The town of Santa María de Betancuria was founded by the Norman conquerors towards the year 1404, during the conquest of the island of Fuerteventura, which was developed in the early years of the 15th century. Betancuria, together with Rubicon in Lanzarote, were the first cities founded by Europeans in the Canary Islands and Betancuria took its name from the own conqueror, Jean de Bethencourt.
Its location in a Valley inland, away from the coast and surrounded by mountains is due to military and strategic reasons, is, on the one hand to their fertility, presence of water and plant wealth, in the island context; and, secondly, that this location offered some security and allowed a better defense against possible pirate attacks. However, this situation could not prevent that when Berber Arraez Xaban hordes invaded the island in the year 1593 come up to Betancuria, where burned, destroyed and burgled the main buildings, including the Church of Santa Maria.
The first buildings that were erected in Betancuria during the process of conquest were a defensive Tower called Valtarajal and a chapel, in which the Conqueror Jean de Bethencourt placed in the year 1405 an image of the Virgin which had brought from France, although nowadays these constructions are not retained.
After the conquest, Betancuria became a guiding Centre of the island and in its territory began to settle a new society, formed by European settlers and part of the Aboriginal population that survived the process of conquest, introducing an economy based on agricultural activities, collection of urchilla lichen and trade. Also settled in Betancuria territorial Lords of the island, whose Palace was located at the rear of the Church; leading authorities, civil, religious and military; and all the institutions and organs of Government island. Thus Betancuria became “villa de Señorío”, capital of the island with jurisdiction over the whole island territory.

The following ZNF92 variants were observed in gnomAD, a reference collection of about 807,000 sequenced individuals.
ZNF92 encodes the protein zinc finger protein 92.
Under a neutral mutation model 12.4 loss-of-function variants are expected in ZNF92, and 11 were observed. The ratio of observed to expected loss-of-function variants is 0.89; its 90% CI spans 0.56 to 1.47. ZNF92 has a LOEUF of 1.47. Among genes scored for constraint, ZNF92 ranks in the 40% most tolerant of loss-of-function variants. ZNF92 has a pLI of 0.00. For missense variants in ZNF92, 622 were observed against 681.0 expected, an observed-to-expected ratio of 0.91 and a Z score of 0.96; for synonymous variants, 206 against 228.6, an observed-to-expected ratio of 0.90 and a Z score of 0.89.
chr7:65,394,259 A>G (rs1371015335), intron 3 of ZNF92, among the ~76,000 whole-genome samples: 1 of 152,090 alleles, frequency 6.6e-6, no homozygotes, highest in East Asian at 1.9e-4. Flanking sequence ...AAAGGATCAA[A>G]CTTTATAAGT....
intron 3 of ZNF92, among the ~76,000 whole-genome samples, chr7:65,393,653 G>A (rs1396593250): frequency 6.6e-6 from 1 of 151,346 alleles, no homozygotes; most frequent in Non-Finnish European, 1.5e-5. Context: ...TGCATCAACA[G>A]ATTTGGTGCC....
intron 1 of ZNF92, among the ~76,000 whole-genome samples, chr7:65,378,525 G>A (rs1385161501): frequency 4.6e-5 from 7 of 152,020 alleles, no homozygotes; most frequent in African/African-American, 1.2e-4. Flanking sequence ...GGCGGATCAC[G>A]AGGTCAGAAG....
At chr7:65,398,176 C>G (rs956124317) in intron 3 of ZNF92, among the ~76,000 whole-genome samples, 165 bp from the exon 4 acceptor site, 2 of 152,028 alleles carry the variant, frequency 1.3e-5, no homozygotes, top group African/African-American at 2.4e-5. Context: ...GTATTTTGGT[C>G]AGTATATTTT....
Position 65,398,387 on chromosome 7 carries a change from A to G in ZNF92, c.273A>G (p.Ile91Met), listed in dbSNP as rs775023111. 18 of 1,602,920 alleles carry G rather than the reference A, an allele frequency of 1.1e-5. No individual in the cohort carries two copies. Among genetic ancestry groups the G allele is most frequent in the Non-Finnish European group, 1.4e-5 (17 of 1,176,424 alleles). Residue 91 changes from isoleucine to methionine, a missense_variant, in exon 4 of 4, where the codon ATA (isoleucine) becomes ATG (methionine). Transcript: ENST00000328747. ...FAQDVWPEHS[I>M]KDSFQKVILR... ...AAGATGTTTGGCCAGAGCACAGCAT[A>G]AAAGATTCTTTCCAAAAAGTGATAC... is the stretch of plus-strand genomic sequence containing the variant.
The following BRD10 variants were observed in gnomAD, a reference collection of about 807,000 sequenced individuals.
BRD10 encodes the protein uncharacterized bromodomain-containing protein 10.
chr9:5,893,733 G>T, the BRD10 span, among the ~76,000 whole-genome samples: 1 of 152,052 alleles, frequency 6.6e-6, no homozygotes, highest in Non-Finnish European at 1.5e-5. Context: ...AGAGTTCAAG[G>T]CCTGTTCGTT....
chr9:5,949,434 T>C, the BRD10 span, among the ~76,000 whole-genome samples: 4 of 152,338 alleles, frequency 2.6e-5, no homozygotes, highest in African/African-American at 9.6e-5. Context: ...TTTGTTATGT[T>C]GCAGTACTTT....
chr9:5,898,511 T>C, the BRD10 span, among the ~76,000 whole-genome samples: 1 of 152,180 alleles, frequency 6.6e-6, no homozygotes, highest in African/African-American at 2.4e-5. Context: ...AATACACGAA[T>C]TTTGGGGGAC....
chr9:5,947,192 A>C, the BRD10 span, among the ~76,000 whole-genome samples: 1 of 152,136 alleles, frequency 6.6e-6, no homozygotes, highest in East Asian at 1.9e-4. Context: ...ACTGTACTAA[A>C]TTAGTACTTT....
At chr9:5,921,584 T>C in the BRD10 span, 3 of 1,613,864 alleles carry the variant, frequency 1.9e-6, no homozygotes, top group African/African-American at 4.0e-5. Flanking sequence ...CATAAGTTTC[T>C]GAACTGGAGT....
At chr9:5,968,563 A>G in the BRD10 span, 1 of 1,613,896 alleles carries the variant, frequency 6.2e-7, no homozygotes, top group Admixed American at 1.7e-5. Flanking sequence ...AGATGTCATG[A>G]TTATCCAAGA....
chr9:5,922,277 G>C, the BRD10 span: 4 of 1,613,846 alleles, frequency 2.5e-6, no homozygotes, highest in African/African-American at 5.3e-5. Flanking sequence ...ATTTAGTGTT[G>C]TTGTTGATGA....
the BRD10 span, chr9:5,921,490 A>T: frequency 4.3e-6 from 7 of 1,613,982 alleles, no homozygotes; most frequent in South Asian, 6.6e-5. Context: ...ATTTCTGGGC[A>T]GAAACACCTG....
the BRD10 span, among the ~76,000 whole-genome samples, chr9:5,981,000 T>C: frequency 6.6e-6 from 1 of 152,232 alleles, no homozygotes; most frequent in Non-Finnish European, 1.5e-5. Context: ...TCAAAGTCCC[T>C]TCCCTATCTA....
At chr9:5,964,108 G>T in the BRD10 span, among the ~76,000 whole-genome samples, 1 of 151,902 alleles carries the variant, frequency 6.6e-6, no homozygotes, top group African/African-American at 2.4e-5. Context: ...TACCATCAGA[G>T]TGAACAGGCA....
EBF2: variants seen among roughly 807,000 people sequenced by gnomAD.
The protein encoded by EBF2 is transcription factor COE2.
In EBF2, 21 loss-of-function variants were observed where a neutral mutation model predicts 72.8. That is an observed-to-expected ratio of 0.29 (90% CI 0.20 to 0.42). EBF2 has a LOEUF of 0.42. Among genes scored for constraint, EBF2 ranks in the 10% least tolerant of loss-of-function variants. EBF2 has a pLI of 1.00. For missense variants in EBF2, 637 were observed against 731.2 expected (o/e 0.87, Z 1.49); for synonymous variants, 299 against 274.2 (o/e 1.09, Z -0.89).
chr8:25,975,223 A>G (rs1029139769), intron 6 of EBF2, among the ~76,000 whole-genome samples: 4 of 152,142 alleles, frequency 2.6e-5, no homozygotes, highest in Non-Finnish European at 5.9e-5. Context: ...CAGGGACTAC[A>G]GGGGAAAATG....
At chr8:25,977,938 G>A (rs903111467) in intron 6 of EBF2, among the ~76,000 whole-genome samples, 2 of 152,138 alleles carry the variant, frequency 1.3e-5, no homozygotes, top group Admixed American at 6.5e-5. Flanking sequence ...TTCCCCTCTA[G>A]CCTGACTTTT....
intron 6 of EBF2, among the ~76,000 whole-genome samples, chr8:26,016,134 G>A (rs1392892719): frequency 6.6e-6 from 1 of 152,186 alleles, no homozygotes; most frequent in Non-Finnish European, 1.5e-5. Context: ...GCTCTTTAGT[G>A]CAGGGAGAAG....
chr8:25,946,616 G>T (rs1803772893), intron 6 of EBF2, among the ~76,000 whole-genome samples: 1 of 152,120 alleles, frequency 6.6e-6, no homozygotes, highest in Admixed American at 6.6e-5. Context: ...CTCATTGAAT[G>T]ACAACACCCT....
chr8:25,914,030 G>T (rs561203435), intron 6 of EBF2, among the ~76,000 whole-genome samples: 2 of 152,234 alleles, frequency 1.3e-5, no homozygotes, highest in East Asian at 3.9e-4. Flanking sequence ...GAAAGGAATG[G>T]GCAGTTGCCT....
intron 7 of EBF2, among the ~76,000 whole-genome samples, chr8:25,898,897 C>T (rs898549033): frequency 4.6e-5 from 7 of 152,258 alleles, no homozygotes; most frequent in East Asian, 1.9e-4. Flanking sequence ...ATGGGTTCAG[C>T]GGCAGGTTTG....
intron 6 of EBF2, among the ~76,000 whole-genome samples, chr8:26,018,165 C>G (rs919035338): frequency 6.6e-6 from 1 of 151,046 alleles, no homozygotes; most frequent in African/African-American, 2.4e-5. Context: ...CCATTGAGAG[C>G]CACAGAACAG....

Major institutions and government institutions were the territorial Lord who exercised jurisdiction, named all the public offices, received tributes and granted “favour” of Earth; and the chapter, which dealt with order the insular life and was composed of one Mayor, the councilors and the notary.
In the religious order rose to the year 1410 Church of Santa María, built in the only parish on the island until the 18th century. In 1416 the monks Franciscan, coming from Castile, opened a convent under the advocation of St. Bonaventure, which was named Patron Saint of the island. In 1424, a bull of Pope Martin V created diocese of Fuerteventura, whose jurisdiction included all the Canary Islands, except Lanzarote which had the bishopric of the Rubicon. The bishopric was suppressed in 1430 and its only holder was Fray Martín de las Casas.
Around these religious centres, and as the population had increased and expanded towards the valleys and Plains of the island, were emerging hermitages throughout the 16th to the 17TH, both in own villa de Betancuria and in other villages. The territory that now belongs to the municipality of Betancuria rose the hermitages of Santa Catalina, San Salvador, Santas Justa and Rufina, San Diego, San Sebastian, Santa Inés, our Lady of The Rock and the Church of the convent of San Buenaventura.
All these temples relied on the single parish of Betancuria until the 18th century, when new parishes were created and rose several chapels in different villages of the island.